- After passing its Consumer Privacy Act into law in January, the state of California has begun enforcing it against businesses that collect consumer data online.
- Similar to the European Union’s GDPR law, the CCPA allows online users to opt-out from the gathering, buying and selling of their information, as well as gain other protections.
- The law goes ahead despite calls to delay and clarify its regulatory powers from the Association of National Advertisers.
On July 1, California began its enforcement of the California Consumer Privacy Act (CCPA), a new data privacy law granting more control over online data collection and usage to the state’s residents. The law originally went into effect on January 1 and allows online users to opt-out of data collection without facing discrimination for doing so. The enforcement begins before official approval is granted.
The Association of National Advertisers previously petitioned the state to delay the CCPA on grounds of disruption to businesses during the current pandemic, and also cited the legal and constitutional uncertainties surrounding it. Though California has been establishing the CCPA’s parameters since its passing, businesses have been subject to the law since January under a six month grace period granted by the state.
Attorney General Xavier Becerra submitted the CCPA’s proposed final regulations to the California Office of Administrative Law on June 1, 2020, which are currently pending approval. The final regulations are still pending approval by the California Office of Administrative Law. Becerra stated that “our office is committed to enforcing the law starting July 1.”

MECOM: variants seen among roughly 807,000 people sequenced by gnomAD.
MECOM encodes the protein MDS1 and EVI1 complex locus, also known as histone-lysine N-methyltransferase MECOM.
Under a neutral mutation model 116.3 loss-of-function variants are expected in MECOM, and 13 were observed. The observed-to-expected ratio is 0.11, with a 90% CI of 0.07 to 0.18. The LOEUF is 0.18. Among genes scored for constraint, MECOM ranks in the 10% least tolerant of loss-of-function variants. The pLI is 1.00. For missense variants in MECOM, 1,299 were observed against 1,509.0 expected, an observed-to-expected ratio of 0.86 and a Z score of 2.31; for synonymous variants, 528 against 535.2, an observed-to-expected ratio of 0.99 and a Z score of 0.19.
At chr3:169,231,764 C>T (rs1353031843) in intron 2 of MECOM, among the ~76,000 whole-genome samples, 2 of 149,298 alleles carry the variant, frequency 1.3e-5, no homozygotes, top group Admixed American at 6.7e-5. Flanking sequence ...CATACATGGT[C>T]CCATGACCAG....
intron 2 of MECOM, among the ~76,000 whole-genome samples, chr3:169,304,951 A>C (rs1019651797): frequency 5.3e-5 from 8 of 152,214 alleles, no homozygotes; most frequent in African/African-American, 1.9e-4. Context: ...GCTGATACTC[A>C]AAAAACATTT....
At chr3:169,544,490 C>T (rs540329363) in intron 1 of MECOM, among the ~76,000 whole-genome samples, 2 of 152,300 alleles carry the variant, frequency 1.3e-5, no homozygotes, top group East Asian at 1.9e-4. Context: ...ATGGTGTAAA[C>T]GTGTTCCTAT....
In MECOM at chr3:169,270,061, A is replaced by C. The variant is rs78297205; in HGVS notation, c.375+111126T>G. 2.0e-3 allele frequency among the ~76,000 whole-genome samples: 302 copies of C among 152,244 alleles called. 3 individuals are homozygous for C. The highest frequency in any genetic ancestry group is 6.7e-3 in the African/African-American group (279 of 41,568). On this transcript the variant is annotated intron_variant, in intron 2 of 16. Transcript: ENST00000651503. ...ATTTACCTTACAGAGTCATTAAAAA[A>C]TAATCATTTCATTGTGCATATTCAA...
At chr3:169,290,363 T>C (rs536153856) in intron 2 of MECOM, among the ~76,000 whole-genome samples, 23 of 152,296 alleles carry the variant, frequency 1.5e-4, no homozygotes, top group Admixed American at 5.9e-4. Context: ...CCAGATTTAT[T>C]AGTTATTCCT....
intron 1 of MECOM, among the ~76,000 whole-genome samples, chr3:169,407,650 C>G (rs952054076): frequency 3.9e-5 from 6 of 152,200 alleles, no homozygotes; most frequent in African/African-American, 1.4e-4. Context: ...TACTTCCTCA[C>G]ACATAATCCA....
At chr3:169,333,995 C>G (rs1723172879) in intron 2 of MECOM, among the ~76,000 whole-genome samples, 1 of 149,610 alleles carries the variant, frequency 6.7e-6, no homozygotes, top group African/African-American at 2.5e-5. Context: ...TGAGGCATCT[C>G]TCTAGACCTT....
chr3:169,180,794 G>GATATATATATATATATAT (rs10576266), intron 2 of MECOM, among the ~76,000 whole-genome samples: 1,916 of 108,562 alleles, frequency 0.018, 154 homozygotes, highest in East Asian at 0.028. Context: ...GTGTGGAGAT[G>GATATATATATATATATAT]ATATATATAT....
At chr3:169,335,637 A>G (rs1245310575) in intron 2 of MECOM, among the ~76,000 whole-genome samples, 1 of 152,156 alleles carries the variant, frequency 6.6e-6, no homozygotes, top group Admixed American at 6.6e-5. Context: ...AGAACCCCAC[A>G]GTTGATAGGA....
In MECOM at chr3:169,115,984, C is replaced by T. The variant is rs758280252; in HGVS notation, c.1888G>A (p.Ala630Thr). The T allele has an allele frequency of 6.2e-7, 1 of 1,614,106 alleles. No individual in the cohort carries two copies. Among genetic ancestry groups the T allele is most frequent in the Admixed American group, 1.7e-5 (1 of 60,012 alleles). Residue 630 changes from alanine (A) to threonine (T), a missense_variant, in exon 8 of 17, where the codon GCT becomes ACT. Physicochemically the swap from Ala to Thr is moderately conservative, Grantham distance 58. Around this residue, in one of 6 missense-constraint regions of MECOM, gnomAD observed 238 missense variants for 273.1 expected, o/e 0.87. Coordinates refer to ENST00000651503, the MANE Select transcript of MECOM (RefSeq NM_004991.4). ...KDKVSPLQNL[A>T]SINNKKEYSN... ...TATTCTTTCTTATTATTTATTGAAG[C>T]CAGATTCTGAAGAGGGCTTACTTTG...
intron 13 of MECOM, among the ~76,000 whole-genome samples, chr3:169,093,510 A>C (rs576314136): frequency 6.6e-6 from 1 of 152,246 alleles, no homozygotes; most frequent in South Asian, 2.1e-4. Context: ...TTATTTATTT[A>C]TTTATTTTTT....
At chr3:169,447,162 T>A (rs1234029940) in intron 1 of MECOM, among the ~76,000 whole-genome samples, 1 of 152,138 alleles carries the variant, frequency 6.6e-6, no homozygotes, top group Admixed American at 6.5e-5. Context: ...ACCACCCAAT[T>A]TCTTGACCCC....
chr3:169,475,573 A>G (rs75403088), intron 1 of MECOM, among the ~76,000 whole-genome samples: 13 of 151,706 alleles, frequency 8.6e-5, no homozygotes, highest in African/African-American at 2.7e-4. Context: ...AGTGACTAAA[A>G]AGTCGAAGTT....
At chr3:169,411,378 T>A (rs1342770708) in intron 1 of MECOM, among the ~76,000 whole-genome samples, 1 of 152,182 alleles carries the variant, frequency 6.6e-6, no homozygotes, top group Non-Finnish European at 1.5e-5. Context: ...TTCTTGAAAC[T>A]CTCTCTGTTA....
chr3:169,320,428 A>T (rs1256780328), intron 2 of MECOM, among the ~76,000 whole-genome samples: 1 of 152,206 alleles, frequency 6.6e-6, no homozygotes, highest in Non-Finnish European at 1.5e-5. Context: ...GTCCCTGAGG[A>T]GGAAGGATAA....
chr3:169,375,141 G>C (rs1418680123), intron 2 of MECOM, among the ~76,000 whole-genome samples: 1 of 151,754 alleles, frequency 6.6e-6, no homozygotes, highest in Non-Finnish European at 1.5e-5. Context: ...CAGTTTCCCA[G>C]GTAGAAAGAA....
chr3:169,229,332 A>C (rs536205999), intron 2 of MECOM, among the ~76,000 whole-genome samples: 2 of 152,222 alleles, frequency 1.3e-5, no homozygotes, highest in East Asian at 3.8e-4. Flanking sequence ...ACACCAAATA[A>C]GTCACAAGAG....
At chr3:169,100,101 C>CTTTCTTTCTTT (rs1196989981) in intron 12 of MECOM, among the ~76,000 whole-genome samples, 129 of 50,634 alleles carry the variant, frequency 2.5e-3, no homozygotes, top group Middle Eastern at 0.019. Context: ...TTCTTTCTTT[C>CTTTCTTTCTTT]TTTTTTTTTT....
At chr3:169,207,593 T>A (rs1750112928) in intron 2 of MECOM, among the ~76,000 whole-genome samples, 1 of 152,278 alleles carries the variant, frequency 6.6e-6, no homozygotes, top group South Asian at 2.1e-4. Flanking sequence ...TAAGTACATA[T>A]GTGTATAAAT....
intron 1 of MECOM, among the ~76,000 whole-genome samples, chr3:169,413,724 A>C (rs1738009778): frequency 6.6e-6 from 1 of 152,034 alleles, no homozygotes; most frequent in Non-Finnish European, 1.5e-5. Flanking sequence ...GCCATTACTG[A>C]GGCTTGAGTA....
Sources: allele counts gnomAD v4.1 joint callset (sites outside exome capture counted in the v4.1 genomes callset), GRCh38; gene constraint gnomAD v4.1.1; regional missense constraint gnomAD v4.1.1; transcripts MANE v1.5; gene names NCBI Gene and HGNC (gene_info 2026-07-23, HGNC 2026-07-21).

What are the effects?
The CCPA grants consumers various rights, such as the right to request the specific purposes a business has collected their personal data for, the right to have that information deleted on request, the right to opt-out and the right to non-discrimination. Businesses are also prohibited from selling the personal information of minors under the age of 16 without express permission, or children under 13 without parental consent.
The CCPA applies to businesses that gross revenues of $25 million annually, purchase, collect or sell the personal information of at least 50,000 people and receive at least half their revenue from selling that data. Smaller businesses and ones whose primary revenues are not from data collection are exempt.
For more information, see PWC’s CCPA Watch.